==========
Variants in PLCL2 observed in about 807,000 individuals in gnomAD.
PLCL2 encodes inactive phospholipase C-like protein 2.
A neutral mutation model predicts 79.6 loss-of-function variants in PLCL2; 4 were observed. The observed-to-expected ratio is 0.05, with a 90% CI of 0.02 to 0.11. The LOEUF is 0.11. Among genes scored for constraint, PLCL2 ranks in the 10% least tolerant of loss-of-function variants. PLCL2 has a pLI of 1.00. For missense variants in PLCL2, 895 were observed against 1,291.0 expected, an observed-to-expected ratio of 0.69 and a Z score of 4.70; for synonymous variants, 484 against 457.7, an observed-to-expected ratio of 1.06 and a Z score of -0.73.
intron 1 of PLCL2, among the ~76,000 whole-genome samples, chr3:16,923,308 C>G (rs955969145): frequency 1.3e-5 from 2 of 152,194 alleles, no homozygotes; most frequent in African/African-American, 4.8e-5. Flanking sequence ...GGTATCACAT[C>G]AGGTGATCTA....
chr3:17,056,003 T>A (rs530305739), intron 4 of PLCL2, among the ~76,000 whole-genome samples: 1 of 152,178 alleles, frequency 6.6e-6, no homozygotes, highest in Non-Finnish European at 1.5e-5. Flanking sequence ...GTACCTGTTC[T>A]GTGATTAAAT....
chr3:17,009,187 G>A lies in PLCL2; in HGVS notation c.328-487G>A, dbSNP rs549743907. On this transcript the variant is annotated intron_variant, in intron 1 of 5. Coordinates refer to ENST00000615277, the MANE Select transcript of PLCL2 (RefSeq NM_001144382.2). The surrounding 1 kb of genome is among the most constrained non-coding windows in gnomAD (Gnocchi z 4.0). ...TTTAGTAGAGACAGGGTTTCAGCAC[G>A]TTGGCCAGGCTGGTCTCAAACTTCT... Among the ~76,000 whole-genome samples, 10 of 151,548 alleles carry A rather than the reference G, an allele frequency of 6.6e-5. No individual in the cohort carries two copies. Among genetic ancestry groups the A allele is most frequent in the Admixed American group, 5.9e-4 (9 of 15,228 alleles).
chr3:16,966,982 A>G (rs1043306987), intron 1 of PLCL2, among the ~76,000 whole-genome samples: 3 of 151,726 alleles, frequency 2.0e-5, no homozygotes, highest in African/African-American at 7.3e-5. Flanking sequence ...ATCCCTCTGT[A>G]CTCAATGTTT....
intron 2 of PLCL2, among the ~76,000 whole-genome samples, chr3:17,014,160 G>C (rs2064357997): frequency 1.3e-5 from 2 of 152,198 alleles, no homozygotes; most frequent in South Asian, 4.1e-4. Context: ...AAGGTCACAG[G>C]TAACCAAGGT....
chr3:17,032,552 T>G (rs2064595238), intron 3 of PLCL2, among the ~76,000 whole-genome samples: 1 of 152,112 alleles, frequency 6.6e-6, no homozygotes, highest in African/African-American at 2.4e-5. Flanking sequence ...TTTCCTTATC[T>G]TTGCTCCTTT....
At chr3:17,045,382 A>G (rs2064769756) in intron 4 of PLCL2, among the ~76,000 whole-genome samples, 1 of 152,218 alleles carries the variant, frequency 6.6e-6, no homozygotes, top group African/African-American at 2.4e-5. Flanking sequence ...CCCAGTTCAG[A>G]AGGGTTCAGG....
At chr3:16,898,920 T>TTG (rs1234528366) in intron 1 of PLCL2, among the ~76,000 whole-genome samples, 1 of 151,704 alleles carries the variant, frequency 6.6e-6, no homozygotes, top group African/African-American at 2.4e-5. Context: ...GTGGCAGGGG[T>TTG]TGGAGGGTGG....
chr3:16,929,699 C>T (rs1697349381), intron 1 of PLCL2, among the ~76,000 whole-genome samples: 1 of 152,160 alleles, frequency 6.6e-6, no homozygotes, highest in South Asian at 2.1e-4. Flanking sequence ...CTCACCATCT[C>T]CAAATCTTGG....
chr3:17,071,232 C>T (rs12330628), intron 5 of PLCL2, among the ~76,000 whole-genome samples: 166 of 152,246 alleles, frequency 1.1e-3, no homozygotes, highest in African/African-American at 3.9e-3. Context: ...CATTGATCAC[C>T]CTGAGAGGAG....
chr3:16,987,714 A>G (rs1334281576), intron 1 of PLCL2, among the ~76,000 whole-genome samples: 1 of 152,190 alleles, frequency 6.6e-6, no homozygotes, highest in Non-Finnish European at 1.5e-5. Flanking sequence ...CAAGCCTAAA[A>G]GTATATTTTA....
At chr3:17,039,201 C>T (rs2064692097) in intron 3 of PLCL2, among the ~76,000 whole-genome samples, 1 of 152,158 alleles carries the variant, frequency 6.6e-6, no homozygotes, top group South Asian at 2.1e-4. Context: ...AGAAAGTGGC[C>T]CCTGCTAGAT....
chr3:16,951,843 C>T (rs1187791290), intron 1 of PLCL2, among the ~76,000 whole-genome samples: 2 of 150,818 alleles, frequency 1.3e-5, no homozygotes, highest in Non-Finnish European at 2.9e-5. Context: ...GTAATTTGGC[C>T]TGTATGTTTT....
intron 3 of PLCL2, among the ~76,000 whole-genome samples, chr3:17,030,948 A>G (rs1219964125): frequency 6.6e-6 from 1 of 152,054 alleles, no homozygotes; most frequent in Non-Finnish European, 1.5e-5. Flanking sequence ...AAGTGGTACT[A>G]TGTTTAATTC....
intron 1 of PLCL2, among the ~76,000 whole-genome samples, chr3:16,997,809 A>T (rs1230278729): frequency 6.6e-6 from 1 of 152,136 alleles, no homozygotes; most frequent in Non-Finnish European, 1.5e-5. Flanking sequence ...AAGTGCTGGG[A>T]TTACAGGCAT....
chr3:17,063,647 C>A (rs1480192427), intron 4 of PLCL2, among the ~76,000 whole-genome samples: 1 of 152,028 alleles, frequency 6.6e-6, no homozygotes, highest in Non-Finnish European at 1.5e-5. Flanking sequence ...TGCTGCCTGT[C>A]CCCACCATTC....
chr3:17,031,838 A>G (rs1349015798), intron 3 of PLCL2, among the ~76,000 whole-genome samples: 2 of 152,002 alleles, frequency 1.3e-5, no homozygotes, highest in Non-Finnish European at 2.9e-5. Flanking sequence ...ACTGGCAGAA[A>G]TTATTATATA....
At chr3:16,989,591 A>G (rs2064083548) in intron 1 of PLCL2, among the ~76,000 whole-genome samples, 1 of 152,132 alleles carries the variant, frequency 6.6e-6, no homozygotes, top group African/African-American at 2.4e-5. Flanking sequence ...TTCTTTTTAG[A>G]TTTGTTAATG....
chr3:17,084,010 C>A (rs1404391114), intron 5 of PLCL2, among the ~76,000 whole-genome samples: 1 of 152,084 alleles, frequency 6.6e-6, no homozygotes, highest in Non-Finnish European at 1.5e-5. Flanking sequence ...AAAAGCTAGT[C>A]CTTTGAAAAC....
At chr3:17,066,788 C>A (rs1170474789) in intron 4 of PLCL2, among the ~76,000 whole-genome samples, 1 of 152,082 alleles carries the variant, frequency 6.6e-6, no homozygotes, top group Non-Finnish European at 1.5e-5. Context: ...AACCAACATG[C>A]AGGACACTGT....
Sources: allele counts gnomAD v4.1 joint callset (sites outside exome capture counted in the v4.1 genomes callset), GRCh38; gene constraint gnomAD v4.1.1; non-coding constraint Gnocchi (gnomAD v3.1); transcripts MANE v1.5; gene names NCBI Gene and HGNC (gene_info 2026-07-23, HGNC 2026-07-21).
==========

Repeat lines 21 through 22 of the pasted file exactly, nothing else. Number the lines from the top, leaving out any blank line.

At chr3:16,989,591 A>G (rs2064083548) in intron 1 of PLCL2, among the ~76,000 whole-genome samples, 1 of 152,132 alleles carries the variant, frequency 6.6e-6, no homozygotes, top group African/African-American at 2.4e-5. Flanking sequence ...TTCTTTTTAG[A>G]TTTGTTAATG....
chr3:17,084,010 C>A (rs1404391114), intron 5 of PLCL2, among the ~76,000 whole-genome samples: 1 of 152,084 alleles, frequency 6.6e-6, no homozygotes, highest in Non-Finnish European at 1.5e-5. Flanking sequence ...AAAAGCTAGT[C>A]CTTTGAAAAC....